Pirelli’s plan for Singapore GP


Pirelli’s P Zero Yellow soft tyres and P Zero Red supersoft will be used for the Marina Bay circuit in Singapore. This produces some unusual variables, with the Formula One paddock living on European time (as every session takes place six hours later than it does usually) and ambient and track temperatures that tend to fall, rather than rise, during the course of the grand prix.

One constant is the humidity, which tends to remain within 75% to 90% throughout the weekend. Marina Bay is a street circuit where traction is critical as it contains the second-highest number of corners (23) seen all year. The asphalt tends to be bumpy and slippery, and grip is further compromised by street furniture such as manhole covers and painted white lines. Nonetheless, the cars manage to generate up to 4.3g under braking despite the lack of adhesion.

With 61 5.073-kilometre laps, which are run anti-clockwise, the race tends to come close to the full two-hour time limit, so coupled with the heat, humidity and constant bumps, this makes it a very physical experience for the drivers as well as tough on the cars and tyres. In the opening sequence of corners from turns one to three for example, there is a double change in direction that places particularly heavy demands on the tyres.

The driver tends to leave the braking as late as possible, turning in and decelerating at the same time. This subjects the tyre to both longitudinal and lateral forces at the same time, working the structure hard. The integrity of the construction though guarantees the driver optimal precision and perfect adhesion to the racing line: vital in the tight confines of Singapore, where mistakes rarely go unpunished.

Pirelli’s motorsport director says:

Paul Hembery: “Personally speaking I love the Singapore Grand Prix: it makes for an amazing spectacle at night with a great atmosphere and a fantastic challenge for our tyres. Due to the unusual circumstances in which the race is run, under more than a thousand spotlights, the teams and drivers have to think very hard about strategy – as track conditions and evolution are somewhat different than you would find in a normal daytime race. One factor that could certainly come into play is safety cars: during every single Singapore Grand Prix that has been held so far since 2008 the safety car has come out at some point. This means that strategies have to be flexible as well as effective in order to quickly take advantage of any potential neutralisation. While the humidity is constantly high, it hasn’t yet rained in any Singapore Grand Prix so this should be the same again this year and we are likely to see the ultimate performance offered by the two softest slick compounds in our Formula One range. Last year’s race was won with a three-stop strategy by Sebastian Vettel, but Lewis Hamilton finished fifth after stopping four times and taking a drive-through penalty as well. As average speeds are not very high, degradation should not be an issue if wheelspin is controlled out of the slower corners, which can lead to overheating.”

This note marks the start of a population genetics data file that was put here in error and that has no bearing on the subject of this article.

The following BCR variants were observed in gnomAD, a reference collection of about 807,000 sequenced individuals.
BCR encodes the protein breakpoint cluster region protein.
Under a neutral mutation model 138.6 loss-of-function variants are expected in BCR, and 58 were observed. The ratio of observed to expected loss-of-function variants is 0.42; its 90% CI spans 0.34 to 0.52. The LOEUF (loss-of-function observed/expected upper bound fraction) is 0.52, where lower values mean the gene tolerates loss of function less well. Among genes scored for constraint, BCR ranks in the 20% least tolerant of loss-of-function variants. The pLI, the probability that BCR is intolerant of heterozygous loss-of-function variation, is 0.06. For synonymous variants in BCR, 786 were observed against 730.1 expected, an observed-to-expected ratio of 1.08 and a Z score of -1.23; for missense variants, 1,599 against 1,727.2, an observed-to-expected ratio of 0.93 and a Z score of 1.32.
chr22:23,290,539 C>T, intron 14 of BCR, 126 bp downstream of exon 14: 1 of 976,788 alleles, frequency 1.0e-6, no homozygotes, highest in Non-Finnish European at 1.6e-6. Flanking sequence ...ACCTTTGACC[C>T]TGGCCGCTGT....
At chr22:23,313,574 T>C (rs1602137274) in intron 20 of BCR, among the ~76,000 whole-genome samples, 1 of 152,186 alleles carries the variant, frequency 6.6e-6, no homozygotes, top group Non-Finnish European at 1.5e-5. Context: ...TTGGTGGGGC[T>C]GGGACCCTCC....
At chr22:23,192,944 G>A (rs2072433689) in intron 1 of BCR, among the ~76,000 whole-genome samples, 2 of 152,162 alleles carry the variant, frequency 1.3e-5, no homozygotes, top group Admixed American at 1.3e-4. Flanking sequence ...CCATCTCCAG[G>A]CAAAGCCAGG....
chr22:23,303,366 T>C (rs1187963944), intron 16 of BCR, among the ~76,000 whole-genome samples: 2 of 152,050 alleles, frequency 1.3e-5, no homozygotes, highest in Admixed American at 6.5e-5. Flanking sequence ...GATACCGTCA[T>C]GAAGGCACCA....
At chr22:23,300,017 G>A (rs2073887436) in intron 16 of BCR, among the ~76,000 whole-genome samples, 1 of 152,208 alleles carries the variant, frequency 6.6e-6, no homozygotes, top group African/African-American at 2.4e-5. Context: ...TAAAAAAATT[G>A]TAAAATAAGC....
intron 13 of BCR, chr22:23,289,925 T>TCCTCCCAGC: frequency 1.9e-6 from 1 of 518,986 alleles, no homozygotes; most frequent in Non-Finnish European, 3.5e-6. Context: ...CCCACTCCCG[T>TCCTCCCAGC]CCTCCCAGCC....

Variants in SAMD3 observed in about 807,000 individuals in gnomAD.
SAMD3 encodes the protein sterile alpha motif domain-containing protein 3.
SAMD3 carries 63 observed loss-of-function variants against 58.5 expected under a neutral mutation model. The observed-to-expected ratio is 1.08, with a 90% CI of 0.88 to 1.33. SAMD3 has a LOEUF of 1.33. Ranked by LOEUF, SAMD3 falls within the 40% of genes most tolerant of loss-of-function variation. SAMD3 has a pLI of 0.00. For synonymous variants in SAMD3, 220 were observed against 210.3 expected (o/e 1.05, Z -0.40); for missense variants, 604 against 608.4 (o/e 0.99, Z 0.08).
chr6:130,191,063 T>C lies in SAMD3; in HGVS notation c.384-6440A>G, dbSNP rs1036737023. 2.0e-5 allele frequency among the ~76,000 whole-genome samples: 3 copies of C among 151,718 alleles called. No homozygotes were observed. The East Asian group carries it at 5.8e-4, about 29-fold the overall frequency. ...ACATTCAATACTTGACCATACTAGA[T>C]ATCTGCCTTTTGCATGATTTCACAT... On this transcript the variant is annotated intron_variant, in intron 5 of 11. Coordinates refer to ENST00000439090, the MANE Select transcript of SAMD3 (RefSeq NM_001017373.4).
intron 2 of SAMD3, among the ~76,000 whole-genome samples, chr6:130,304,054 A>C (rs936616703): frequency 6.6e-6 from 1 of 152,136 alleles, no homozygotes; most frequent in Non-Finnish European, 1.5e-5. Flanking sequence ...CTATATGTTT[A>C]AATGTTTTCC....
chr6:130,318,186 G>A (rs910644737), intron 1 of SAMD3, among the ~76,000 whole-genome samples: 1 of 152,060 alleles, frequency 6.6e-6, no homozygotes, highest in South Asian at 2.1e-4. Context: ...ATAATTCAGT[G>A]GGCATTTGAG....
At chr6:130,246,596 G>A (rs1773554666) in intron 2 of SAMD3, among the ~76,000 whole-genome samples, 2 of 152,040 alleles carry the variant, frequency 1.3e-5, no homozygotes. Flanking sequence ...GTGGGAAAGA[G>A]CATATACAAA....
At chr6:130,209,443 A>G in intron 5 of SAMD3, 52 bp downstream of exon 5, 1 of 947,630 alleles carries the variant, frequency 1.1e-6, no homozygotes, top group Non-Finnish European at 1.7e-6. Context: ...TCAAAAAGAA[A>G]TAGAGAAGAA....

The men behind the steering wheel say:

Heikki Kovalainen (Caterham): “Singapore is a very cool race. It’s an amazing place to have a grand prix and it must be incredible for the fans, watching the cars running flat out through the streets at night. In the cockpit it’s really no different to a normal street race: the lights are so good we don’t have any problems with visibility. But I’ve seen the TV images from above the track and the overhead shots from the helicopters with the whole circuit lit up, which are pretty hardcore!

From a technical point of view one of the keys to set-up in Singapore track is finding good braking stability and maximum traction. It’s a high downforce track that is hard on brake temperatures and still pretty bumpy, especially around turns 13 and 14, even after it was resurfaced in 2010. We’ll have the soft and supersoft Pirelli P Zero tyre compounds in Singapore, just like we did in Monaco, and while it will be hotter in Singapore than it was in Monte Carlo it’s likely to be similar in terms of degradation. All year tyre management has been key to performance and I think hotter track temperatures and the nature of the track might suit us. It did in Monaco, so hopefully we can have a similar race in Singapore as we did back in May.”

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